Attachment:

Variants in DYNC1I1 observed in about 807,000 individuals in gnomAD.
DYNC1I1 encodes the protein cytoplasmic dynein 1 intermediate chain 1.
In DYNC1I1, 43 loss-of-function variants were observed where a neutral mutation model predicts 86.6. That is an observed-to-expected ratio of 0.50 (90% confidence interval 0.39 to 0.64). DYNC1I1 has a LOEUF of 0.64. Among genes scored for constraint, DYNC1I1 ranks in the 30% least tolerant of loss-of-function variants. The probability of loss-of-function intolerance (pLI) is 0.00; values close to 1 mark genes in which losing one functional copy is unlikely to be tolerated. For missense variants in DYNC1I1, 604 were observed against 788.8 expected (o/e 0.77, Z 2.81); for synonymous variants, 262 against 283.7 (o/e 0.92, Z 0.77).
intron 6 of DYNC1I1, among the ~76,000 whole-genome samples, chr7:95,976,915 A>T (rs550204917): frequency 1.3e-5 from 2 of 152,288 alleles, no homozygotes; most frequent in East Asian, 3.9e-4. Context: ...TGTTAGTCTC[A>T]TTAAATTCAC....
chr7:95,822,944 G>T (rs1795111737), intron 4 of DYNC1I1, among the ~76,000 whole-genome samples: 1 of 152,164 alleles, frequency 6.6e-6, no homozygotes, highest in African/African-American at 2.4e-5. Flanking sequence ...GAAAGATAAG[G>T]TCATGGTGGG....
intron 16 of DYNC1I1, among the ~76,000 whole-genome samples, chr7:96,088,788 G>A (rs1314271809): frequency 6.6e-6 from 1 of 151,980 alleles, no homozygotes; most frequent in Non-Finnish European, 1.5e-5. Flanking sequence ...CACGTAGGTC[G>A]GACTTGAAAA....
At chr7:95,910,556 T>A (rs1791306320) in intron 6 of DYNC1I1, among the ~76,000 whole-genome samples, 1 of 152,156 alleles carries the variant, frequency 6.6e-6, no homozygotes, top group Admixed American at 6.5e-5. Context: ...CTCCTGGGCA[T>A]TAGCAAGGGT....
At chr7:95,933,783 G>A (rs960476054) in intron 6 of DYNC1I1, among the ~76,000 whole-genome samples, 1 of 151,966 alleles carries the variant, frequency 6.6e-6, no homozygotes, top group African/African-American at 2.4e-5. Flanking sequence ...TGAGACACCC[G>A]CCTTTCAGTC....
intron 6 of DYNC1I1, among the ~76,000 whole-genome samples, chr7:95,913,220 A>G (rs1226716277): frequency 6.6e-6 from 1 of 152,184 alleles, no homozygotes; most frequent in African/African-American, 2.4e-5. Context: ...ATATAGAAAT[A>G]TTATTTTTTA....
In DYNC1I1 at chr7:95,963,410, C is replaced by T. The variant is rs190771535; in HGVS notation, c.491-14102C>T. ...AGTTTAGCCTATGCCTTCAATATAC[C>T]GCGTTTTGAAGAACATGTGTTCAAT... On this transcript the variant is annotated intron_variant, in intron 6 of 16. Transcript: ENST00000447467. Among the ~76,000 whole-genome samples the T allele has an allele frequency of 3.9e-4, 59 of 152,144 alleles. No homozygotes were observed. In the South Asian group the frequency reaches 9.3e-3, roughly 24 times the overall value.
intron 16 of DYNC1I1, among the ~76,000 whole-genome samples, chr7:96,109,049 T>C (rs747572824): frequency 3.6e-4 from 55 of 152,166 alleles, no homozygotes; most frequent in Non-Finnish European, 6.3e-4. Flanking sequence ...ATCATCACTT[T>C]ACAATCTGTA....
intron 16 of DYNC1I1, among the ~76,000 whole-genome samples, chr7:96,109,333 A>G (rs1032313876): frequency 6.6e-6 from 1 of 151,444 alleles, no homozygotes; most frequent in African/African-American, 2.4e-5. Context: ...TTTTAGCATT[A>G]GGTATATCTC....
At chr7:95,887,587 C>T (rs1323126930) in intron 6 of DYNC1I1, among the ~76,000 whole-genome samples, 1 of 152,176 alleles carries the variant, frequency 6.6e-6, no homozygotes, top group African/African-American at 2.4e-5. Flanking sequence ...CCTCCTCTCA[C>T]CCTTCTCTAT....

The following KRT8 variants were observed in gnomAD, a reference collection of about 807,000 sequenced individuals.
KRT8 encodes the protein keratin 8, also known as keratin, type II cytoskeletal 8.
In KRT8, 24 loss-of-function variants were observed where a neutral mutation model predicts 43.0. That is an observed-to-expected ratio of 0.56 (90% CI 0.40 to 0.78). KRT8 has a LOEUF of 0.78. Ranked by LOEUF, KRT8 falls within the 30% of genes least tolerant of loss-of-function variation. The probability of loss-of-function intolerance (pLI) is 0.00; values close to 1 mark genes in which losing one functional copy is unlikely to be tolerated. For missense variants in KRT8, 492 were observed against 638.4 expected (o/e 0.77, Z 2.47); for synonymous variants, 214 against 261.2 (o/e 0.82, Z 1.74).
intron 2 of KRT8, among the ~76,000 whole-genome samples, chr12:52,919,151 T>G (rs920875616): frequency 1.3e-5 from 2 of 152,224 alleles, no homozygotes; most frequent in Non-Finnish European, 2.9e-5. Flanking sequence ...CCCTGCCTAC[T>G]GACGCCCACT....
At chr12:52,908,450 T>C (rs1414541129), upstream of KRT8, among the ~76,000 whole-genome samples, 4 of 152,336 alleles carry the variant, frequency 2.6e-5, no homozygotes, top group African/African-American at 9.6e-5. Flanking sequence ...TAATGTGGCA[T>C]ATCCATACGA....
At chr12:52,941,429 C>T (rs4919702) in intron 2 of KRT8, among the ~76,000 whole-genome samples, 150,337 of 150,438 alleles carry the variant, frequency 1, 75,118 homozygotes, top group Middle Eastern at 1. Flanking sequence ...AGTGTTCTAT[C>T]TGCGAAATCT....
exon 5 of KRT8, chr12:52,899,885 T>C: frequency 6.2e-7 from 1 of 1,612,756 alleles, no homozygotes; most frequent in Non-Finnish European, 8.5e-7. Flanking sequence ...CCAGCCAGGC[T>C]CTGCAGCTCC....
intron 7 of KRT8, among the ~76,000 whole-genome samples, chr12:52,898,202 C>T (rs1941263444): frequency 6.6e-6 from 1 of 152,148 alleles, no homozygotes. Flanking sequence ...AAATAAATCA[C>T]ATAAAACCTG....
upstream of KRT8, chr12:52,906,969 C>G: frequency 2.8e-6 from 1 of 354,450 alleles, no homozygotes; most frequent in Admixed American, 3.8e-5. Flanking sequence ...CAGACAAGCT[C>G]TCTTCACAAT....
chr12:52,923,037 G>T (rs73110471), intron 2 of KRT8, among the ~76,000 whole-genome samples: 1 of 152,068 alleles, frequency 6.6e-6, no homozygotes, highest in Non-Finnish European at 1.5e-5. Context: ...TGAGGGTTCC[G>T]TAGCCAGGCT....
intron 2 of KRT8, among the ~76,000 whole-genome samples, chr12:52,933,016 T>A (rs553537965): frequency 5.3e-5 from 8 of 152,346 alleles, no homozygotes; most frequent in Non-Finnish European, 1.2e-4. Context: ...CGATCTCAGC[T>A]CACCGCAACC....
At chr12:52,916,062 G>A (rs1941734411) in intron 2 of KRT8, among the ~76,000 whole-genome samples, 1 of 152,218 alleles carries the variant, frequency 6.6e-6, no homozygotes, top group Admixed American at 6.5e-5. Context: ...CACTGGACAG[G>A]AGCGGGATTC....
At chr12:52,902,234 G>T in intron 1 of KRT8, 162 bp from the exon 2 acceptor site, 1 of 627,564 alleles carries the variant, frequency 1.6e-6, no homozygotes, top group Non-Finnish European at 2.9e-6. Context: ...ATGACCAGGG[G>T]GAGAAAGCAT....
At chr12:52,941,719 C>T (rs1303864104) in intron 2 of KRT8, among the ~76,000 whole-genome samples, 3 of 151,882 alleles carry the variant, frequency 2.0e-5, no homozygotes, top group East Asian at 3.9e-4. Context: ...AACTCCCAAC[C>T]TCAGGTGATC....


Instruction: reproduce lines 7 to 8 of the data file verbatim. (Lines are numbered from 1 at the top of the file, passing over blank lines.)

At chr7:95,910,556 T>A (rs1791306320) in intron 6 of DYNC1I1, among the ~76,000 whole-genome samples, 1 of 152,156 alleles carries the variant, frequency 6.6e-6, no homozygotes, top group Admixed American at 6.5e-5. Context: ...CTCCTGGGCA[T>A]TAGCAAGGGT....
At chr7:95,933,783 G>A (rs960476054) in intron 6 of DYNC1I1, among the ~76,000 whole-genome samples, 1 of 151,966 alleles carries the variant, frequency 6.6e-6, no homozygotes, top group African/African-American at 2.4e-5. Flanking sequence ...TGAGACACCC[G>A]CCTTTCAGTC....